Alyse Krausz, a Ph.D. student in biomedical engineering, is one step closer to an exciting career in this dynamic field after becoming the first student to complete the Biomedical Innovation & Entrepreneurship Certificate Program (BIECP). BIECP is a non-transcript certificate program offered through the University of Michigan Medical School and administered by Fast Forward Medical Innovation (FFMI) and the Office of Graduate & Postdoctoral Studies (OGPS).
Originally from Perrysburg, Ohio, Alyse got her undergraduate degree from The Ohio State University before making her way to Ann Arbor. She has spent the last five years doing research that focuses on diagnostic systems and studying blood samples to find new ways to measure proteins in the samples and diagnose Traumatic Brain Injuries (TBIs).
Alyse had the typical student experience of starting college with the plan to go into a particular field of study, then switching to another. In her case, she originally wanted to be a biology major, heading towards a path in pre-med, while keeping biomedical engineering as a backup plan. But as she started getting involved in undergraduate research and working as an intern at Roche Diabetes Care, doing diagnostic and sending systems for diabetes, she realized that her Plan B was now her Plan A, and she wanted to continue doing research and earn her Ph.D.
When Alyse arrived at the University of Michigan, she became involved in a number of science and research-related extra-curricular activities, and also started looking at various U-M websites for professional development opportunities that related to working with industry. She found some interesting options that are offered through the University of Michigan Medical School. The first program she came across was the Biotech Career Development Program (BCDP). It appealed to her because it offered a broad career path and exposure to other options for people seeking a Ph.D. in biotechnology outside of the traditional academic tenure route.
“BCDP affirmed what I had been planning on doing,” said Alyse. “The program was a good exercise in contacting people I didn’t know and learning about careers of interest. That can be nerve-wracking, but BCDP helped me gain that experience and become comfortable with it. It was also a great opportunity to talk to grad students and postdocs considering other career paths and discuss why they were following those paths.”
Alyse also took Biomedical Innovation & Entrepreneurship, a collaborative Program in Biomedical Sciences (PIBS) course between FFMI and OGPS. The program gives students the opportunity to experience multidisciplinary teamwork to build a business base for a novel biomedical innovation as a method to gain essential skills for careers in entrepreneurship and other non-academic industries. Alyse said that the most beneficial part was the recitation session with small groups working on a pitch to a hypothetical investor.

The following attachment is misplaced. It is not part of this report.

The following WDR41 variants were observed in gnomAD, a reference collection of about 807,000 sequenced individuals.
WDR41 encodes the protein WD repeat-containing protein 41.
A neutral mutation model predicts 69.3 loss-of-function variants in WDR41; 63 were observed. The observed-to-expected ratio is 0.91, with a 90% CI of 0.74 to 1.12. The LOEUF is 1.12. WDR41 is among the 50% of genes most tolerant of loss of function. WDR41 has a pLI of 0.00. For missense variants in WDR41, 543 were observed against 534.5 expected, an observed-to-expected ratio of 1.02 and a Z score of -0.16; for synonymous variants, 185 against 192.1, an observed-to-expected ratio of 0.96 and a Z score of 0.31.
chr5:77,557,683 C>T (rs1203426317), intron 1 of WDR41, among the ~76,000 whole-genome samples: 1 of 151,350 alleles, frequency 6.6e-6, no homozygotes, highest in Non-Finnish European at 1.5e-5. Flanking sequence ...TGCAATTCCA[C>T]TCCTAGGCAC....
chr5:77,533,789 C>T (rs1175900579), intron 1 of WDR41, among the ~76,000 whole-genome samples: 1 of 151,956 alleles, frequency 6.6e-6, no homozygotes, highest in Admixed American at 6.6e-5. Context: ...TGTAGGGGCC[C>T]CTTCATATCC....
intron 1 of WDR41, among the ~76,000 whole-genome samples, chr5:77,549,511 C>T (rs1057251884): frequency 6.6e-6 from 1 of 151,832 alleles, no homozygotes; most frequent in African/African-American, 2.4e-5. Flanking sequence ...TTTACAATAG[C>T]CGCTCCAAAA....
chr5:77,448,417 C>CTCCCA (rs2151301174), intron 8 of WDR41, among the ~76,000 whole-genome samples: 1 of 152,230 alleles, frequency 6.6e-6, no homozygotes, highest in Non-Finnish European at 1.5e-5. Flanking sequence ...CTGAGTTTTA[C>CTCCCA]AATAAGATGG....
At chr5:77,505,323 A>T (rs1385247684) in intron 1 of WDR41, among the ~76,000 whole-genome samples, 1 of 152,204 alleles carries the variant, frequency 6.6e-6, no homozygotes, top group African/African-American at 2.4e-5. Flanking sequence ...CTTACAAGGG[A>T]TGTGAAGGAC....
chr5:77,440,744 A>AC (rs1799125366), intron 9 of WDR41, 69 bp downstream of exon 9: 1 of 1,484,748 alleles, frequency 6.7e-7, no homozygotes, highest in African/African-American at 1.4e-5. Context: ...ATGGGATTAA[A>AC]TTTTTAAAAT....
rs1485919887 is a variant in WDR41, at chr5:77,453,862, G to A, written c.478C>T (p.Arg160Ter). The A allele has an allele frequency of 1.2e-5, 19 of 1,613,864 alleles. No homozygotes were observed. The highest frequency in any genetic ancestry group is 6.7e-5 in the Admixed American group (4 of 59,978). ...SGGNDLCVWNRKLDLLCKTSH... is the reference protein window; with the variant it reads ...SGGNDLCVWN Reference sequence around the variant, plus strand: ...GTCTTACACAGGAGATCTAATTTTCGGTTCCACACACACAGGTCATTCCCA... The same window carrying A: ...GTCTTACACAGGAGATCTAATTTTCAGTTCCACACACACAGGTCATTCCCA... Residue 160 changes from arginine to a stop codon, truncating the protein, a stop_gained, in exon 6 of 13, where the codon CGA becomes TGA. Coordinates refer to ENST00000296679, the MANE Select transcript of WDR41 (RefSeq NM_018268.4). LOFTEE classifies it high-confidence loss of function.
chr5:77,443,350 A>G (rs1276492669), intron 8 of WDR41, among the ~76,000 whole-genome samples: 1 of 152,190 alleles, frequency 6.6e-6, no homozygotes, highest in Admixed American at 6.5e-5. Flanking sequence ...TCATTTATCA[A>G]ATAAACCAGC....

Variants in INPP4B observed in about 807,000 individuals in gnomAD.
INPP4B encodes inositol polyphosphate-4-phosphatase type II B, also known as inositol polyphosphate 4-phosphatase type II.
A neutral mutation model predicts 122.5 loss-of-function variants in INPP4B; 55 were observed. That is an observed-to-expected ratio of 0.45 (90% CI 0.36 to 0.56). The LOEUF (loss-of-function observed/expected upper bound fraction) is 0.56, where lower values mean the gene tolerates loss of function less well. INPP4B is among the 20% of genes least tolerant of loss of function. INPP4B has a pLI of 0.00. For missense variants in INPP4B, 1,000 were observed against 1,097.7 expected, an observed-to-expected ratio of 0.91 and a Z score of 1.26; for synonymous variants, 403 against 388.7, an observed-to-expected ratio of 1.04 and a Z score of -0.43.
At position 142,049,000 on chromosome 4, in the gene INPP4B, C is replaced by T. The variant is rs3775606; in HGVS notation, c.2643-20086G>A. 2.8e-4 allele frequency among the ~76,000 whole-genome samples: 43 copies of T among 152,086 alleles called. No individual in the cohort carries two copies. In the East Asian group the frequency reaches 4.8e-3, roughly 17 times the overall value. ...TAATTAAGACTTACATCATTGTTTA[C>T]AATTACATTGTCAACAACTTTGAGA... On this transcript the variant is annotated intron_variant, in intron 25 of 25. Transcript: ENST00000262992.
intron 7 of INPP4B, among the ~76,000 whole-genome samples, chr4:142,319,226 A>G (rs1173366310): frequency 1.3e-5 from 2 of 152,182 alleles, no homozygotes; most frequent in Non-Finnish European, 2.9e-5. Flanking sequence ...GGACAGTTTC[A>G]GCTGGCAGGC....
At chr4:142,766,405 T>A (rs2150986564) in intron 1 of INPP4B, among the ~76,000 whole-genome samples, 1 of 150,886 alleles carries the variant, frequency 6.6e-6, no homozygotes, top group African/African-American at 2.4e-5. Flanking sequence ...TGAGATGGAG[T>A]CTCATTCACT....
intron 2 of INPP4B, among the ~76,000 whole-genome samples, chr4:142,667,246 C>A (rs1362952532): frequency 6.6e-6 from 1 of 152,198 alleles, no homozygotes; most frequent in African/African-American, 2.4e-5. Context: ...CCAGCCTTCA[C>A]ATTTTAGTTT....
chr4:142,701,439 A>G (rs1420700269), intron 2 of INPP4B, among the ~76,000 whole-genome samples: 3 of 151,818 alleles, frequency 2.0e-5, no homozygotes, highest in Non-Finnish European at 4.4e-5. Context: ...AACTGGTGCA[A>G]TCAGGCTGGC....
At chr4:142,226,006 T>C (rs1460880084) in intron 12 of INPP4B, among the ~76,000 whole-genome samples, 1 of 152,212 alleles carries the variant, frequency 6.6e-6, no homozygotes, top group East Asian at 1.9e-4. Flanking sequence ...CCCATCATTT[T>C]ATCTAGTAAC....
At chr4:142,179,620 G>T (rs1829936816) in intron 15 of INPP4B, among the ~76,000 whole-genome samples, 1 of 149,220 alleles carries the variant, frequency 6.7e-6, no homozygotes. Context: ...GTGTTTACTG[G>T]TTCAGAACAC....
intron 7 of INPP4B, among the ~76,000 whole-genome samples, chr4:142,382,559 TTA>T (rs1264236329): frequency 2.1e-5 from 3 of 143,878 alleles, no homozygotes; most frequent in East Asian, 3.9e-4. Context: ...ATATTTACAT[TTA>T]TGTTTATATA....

“The PIBS course in biomedical innovation is one of the best classes I’ve taken,” she said. “I got to develop a pitch about my TBI research. The feedback was extremely helpful in learning what the investor is looking for and how to highlight the most important parts of the pitch. We went through the pitch presentations every week, and it definitely paid off in the end.”
Alyse can now add another important milestone to her CV with the completion of the Biomedical Innovation & Entrepreneurship Certificate Program. BCDP and PIBS led her to the certificate program that launched in fall 2019 because both classes, along with two pre-approved elective courses in entrepreneurship, are pre-requisites for the program.
The certificate combines science and business to train and prepare University of Michigan Medical School graduate students for an impactful career in small biotechnology startups, large pharmaceutical companies, and other entities related to biomedical innovation and entrepreneurship.
“The Biomedical Innovation & Entrepreneurship Certificate put everything into context for me,” says Alyse. “It really helped me to understand the scientific, regulatory, and business strategies and how they combine to create a successful product that will reach the hands of patients. For example, when you have a technology, the science is just the start. It could be the most perfect device, but if there’s not a market for it or you can’t get it patented, or approved, by the FDA, it doesn’t matter.”
Recipients of the certificate receive extensive training from experienced entrepreneurs and biomedical innovators on concepts necessary to translate biomedical research into product or practice. The program covers the fundamentals of life science entrepreneurship and allows students to practice these concepts through project-based work.
“The classes and programs required for the certificate were interesting and engaging and I got to interact with people outside of engineering and science,” recalls Alyse. “In each class we were put at tables that had people who were studying different areas such as math, physics, public health, chemistry, and engineering. And talking to the instructors gave me the opportunity to learn from people who have straddled the line between science and business. These different perspectives really helped me understand the many parts of biomedical research.”
So what are Alyse’s next steps?
“I want to work within research and development at a large medical device company. In fact, I accepted a position at BD in their Technology Leadership Development Program,” said Alyse. “There’s something fascinating about taking a blood or biological sample, measuring the proteins, and using that to gather information and study disease.”